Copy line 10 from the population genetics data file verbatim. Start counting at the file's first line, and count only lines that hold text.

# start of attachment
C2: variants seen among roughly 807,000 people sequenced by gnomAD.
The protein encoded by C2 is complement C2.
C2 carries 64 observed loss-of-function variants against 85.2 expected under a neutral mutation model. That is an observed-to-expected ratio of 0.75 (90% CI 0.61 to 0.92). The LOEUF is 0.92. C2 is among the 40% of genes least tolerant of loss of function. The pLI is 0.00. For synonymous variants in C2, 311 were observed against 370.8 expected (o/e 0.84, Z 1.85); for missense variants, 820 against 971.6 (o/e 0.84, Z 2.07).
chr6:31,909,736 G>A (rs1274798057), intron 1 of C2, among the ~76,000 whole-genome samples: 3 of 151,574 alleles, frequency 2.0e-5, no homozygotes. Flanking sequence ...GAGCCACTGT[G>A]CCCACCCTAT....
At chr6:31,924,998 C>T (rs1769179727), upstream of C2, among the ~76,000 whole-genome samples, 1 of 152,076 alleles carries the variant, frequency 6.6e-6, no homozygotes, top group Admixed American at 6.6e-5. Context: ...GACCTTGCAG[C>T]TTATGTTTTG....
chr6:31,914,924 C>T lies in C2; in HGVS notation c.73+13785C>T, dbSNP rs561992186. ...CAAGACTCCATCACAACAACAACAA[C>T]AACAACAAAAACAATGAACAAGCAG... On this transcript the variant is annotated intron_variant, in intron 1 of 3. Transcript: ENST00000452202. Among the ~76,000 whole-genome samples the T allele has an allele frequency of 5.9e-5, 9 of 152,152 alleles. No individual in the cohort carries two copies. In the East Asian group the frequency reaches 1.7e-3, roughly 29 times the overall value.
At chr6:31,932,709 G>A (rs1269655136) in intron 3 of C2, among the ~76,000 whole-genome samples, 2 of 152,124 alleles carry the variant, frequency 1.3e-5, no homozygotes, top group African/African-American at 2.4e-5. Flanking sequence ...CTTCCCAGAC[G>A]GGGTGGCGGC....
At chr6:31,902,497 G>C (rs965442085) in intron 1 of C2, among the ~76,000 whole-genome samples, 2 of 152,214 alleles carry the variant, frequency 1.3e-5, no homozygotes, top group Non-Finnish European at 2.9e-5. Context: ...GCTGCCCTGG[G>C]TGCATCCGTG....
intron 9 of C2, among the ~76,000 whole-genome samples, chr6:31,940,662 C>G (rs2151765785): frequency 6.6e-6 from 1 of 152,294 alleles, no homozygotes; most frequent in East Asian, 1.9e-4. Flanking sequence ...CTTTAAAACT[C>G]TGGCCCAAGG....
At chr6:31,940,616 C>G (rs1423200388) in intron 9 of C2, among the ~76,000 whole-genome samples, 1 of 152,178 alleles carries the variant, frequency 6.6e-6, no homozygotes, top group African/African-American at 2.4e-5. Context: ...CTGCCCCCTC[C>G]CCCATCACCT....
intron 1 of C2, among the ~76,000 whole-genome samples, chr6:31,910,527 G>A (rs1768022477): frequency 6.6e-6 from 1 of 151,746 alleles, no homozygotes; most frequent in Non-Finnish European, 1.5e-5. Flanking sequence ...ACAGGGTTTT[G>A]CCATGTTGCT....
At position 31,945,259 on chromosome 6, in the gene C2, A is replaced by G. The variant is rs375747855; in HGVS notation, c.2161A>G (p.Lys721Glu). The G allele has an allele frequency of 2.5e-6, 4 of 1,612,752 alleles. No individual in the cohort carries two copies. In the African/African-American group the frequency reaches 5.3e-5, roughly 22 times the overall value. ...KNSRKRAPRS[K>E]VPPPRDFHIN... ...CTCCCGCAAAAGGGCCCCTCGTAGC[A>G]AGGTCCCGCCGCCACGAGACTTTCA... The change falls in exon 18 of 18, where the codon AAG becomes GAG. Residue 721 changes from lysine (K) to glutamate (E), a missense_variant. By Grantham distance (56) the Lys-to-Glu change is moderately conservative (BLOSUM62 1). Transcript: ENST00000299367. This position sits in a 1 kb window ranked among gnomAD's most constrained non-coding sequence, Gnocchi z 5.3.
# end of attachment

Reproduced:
At chr6:31,940,616 C>G (rs1423200388) in intron 9 of C2, among the ~76,000 whole-genome samples, 1 of 152,178 alleles carries the variant, frequency 6.6e-6, no homozygotes, top group African/African-American at 2.4e-5. Context: ...CTGCCCCCTC[C>G]CCCATCACCT....